Following the furore over the plethora of unsuitable videos, YouTube announced it was to implement measures such as removing adverts from videos depicting family entertainment characters engaged in violent behaviour, and blocking all comments on videos targeted at minors if inappropriate user comments are uploaded.
It is hard to know at this stage whether machine learning can adequately flag disturbing content aimed at children, as much of this type of content could be hard for an algorithm to recognise as disturbing or creepy, which is why human content reviewers are needed.
Reuters reported last month that several major advertisers - such as Lidl and Mars - had pulled ads from the platform over "clips of scantily clad children".
"Now, we are applying the lessons we've learned from our work fighting violent extremism content over the a year ago in order to tackle other problematic content", Wojcicki wrote.
Adding to the thousands of existing content reviewers will give YouTube more data to supply and possibly improve its machine learning software. At the moment, creators need at least 10,000 views to be able to earn ad money, but it sounds like the platform will also expand its team of reviewers to vet channels and videos and "ensure ads are only running where they should".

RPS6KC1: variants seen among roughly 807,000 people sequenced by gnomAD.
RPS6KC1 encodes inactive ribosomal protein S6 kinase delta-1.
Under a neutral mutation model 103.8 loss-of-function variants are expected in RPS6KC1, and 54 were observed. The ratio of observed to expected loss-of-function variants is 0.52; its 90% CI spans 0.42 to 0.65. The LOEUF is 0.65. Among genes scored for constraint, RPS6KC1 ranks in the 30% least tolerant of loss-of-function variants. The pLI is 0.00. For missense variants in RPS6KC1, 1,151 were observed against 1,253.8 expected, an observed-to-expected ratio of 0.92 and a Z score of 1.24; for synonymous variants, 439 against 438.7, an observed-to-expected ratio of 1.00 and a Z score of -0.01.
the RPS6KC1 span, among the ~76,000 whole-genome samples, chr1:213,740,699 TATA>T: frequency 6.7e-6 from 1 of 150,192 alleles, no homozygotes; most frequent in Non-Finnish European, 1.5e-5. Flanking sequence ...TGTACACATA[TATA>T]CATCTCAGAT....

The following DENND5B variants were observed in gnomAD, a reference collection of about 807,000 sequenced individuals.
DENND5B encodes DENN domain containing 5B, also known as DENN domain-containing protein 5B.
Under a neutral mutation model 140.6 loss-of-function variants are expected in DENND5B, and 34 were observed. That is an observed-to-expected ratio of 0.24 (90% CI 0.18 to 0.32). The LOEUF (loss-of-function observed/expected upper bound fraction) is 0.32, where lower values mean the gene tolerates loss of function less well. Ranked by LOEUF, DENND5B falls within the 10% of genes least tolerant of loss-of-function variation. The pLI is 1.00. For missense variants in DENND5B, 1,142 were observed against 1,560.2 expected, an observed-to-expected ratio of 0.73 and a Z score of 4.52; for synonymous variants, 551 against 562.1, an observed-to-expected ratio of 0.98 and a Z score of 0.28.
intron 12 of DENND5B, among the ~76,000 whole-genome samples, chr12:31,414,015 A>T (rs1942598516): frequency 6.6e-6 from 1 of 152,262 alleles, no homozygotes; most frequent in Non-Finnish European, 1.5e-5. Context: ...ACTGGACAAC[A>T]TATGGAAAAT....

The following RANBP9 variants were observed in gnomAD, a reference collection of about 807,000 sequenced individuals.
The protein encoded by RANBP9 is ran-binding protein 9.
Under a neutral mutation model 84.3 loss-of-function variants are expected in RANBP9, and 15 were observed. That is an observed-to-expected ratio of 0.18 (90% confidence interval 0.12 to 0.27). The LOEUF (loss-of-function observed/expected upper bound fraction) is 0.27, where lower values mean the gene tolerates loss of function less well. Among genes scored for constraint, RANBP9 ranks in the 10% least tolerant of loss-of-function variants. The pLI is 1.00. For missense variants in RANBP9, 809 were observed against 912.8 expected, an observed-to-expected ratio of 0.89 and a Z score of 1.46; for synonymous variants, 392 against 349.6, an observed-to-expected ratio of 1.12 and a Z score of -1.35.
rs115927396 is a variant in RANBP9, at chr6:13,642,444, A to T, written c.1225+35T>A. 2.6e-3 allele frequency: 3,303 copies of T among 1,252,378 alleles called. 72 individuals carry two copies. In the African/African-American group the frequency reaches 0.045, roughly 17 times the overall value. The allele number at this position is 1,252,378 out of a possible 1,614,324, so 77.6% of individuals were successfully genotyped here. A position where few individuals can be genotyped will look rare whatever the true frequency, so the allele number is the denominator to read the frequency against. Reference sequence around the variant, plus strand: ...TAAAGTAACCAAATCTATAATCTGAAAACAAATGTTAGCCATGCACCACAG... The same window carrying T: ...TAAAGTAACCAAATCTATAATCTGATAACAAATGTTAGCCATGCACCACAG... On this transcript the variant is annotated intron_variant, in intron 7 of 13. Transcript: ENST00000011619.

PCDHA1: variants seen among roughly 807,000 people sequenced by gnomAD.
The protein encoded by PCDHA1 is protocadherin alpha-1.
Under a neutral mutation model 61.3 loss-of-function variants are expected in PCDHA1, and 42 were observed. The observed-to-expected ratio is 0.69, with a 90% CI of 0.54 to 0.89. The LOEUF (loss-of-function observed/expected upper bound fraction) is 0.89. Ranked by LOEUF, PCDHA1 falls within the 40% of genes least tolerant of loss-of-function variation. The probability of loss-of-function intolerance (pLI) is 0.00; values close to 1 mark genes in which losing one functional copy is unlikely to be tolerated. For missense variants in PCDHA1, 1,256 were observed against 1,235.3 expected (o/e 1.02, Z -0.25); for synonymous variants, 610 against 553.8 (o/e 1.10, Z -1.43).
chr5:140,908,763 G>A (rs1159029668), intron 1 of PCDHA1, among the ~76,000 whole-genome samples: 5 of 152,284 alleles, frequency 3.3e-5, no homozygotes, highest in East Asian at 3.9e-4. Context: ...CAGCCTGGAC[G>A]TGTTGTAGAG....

Wojcicki said that while Youtube was a "force for creativity, learning and access to information" she had also "seen up-close that there can be another, more troubling, side of Youtube's openness".
In a blog post, Wojcicki said the company was already taking "aggressive action" on comments, and was testing new systems to counter threats that combine human and automated checks.
The technology has reviewed and flagged content that would have taken 180,000 people working 40 hours a week to assess, according to Wojcicki. The website said it is drastically increasing the number of people in charge of overseeing content.
YouTube says it can take down 70% of extremist content within 8 hours using machine learning.
"As challenges to our platform evolve and change, our enforcement methods must and will evolve to respond to them".